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Greek Tourism Ministry Sets Thermal Springs, Marina Goals

Correcting entrenched policies that have led to the misuse or disuse of Greece’s thermal springs in order to develop these into a high-value tourism product is among the ministry’s key priorities for the year ahead, said Greek Tourism Minister Vassilis Kikilias.

In a recent interview to Greek newspaper Eleftheros Typos, Kikilias admitted that fragmented ownership and unclear concession deals had hindered potential growth for a product that has such great potential and can contribute not only to tourism revenue for local communities but also to the extension of the tourism season.

“Our main goal is the development of thermal – spa tourism or wellness tourism, which will attract new visitors, enhance the sustainable management of thermal springs, contribute to the creation of added value to GDP and extroversion,” he said.

To achieve this, Kikilias informed that Greece had tabled legislation that foresees the creation of the “Thermal Springs of Greece SA” company, which will design, oversee and manage the development of the country’s wellness tourism product while ensuring revenue stays locally.

Photo source: Hellenic Association of Municipalities with Thermal Springs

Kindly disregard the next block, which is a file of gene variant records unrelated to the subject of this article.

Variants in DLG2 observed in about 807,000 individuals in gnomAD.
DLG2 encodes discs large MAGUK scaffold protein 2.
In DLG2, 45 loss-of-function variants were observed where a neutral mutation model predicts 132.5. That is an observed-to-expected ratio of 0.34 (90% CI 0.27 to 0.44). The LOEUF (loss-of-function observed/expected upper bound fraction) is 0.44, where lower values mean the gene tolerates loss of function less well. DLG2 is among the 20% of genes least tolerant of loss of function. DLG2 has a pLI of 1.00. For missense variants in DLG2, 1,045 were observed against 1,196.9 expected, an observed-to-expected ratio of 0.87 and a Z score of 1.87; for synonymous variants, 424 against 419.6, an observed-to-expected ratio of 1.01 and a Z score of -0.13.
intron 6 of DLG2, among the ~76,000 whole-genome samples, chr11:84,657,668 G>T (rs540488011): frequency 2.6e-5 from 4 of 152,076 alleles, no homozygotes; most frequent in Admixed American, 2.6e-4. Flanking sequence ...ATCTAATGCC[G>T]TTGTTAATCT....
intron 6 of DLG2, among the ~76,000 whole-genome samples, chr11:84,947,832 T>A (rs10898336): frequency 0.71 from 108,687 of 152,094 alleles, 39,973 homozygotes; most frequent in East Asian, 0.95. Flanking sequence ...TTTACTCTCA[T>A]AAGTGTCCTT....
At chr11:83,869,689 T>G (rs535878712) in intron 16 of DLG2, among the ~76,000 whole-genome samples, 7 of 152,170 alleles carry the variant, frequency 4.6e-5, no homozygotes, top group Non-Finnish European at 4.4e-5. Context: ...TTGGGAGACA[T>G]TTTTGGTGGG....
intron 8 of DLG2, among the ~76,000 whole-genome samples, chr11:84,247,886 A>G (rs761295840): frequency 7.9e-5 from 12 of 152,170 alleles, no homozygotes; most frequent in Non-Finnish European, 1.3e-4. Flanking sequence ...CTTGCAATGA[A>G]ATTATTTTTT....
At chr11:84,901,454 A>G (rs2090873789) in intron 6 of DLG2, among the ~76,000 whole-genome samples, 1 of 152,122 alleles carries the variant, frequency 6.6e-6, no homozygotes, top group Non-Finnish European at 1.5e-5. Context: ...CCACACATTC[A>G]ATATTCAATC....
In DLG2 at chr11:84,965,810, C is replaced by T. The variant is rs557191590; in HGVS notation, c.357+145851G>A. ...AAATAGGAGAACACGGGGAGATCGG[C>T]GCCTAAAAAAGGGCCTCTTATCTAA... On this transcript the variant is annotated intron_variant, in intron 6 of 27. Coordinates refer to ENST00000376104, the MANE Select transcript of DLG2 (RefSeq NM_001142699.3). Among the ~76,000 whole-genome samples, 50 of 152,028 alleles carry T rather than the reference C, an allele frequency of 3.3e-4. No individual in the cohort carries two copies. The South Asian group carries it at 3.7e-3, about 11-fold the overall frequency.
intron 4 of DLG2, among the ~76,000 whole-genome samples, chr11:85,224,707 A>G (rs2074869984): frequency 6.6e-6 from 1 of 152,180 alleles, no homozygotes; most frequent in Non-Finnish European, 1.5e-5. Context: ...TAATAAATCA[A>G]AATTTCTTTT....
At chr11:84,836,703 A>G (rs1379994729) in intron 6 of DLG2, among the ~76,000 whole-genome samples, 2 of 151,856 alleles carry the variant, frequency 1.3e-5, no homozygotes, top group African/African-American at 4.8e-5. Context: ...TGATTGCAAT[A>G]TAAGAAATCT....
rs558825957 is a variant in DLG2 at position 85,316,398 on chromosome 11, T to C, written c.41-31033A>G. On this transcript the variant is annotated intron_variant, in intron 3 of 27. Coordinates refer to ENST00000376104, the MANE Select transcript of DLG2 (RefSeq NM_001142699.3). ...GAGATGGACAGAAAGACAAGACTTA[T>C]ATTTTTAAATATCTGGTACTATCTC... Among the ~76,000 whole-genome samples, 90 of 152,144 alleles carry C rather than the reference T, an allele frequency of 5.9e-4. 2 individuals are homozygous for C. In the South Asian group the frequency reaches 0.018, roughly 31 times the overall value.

Photo source: Hellenic Association of Municipalities with Thermal Springs

With secured funding from the EU’s Recovery and Resilience tool, the company will be able to manage the country’s thermal springs in cases where municipalities cannot and distribute the revenues to local communities, he added.

“We are not taking away property from municipalities. The ultimate goal is to achieve holistic and sustainable tourism development, activate private investment funds and to support the achievement of regional development goals,” the tourism minister said.

In the same direction, Kikilias said the ministry was also planning on formulating a national strategy for the development of tourist ports and marinas and putting it into action through the use of RRF funding. The minister referred to the new marina project on the remote island of Symi, as an example of the country’s maritime tourism development goals.

Kikilias admitted that of the country’s 168 tourist ports, only 37 are currently in operation costing Greece significant revenues each year which instead go to rival countries such as Croatia, Turkey and Italy. 

“We now have a very important tool in our hands. A very significant part of RFF resources is set to be used for the creation of new or the upgrade of existing marinas. I am optimistic that in the coming years, maritime tourism will be one of the most dynamically developing tourism products in the country,” he said.

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